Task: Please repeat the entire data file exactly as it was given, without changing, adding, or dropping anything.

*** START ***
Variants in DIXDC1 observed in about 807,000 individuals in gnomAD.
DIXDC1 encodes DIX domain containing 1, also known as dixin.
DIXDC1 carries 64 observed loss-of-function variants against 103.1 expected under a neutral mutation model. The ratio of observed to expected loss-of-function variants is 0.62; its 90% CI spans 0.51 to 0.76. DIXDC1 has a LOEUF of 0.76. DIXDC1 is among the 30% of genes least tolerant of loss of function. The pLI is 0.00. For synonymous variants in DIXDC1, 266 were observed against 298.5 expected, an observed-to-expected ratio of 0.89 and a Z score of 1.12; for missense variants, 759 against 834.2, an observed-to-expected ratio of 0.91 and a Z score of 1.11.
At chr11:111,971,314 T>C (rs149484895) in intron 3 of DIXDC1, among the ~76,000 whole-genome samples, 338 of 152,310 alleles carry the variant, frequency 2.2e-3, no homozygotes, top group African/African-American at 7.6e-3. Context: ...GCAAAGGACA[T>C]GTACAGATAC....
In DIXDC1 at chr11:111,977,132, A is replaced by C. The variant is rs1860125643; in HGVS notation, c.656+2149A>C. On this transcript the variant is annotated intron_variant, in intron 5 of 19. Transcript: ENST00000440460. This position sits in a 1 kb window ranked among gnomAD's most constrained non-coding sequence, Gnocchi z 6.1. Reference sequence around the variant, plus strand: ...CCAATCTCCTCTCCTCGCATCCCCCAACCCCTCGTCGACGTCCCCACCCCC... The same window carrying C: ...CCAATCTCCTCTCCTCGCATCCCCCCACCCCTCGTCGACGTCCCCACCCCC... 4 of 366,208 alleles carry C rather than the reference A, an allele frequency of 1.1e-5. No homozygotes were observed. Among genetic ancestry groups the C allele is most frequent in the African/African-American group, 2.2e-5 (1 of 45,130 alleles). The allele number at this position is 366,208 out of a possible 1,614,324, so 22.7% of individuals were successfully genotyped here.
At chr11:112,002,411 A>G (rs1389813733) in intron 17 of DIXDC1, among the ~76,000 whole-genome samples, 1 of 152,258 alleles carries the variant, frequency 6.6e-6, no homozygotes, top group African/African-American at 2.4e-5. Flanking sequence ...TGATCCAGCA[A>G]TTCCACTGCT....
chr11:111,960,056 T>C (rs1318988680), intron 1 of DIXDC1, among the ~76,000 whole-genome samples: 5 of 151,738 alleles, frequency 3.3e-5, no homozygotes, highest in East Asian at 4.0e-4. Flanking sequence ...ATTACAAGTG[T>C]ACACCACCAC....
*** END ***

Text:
Variants in DIXDC1 observed in about 807,000 individuals in gnomAD.
DIXDC1 encodes DIX domain containing 1, also known as dixin.
DIXDC1 carries 64 observed loss-of-function variants against 103.1 expected under a neutral mutation model. The ratio of observed to expected loss-of-function variants is 0.62; its 90% CI spans 0.51 to 0.76. DIXDC1 has a LOEUF of 0.76. DIXDC1 is among the 30% of genes least tolerant of loss of function. The pLI is 0.00. For synonymous variants in DIXDC1, 266 were observed against 298.5 expected, an observed-to-expected ratio of 0.89 and a Z score of 1.12; for missense variants, 759 against 834.2, an observed-to-expected ratio of 0.91 and a Z score of 1.11.
At chr11:111,971,314 T>C (rs149484895) in intron 3 of DIXDC1, among the ~76,000 whole-genome samples, 338 of 152,310 alleles carry the variant, frequency 2.2e-3, no homozygotes, top group African/African-American at 7.6e-3. Context: ...GCAAAGGACA[T>C]GTACAGATAC....
In DIXDC1 at chr11:111,977,132, A is replaced by C. The variant is rs1860125643; in HGVS notation, c.656+2149A>C. On this transcript the variant is annotated intron_variant, in intron 5 of 19. Transcript: ENST00000440460. This position sits in a 1 kb window ranked among gnomAD's most constrained non-coding sequence, Gnocchi z 6.1. Reference sequence around the variant, plus strand: ...CCAATCTCCTCTCCTCGCATCCCCCAACCCCTCGTCGACGTCCCCACCCCC... The same window carrying C: ...CCAATCTCCTCTCCTCGCATCCCCCCACCCCTCGTCGACGTCCCCACCCCC... 4 of 366,208 alleles carry C rather than the reference A, an allele frequency of 1.1e-5. No homozygotes were observed. Among genetic ancestry groups the C allele is most frequent in the African/African-American group, 2.2e-5 (1 of 45,130 alleles). The allele number at this position is 366,208 out of a possible 1,614,324, so 22.7% of individuals were successfully genotyped here.
At chr11:112,002,411 A>G (rs1389813733) in intron 17 of DIXDC1, among the ~76,000 whole-genome samples, 1 of 152,258 alleles carries the variant, frequency 6.6e-6, no homozygotes, top group African/African-American at 2.4e-5. Flanking sequence ...TGATCCAGCA[A>G]TTCCACTGCT....
chr11:111,960,056 T>C (rs1318988680), intron 1 of DIXDC1, among the ~76,000 whole-genome samples: 5 of 151,738 alleles, frequency 3.3e-5, no homozygotes, highest in East Asian at 4.0e-4. Flanking sequence ...ATTACAAGTG[T>C]ACACCACCAC....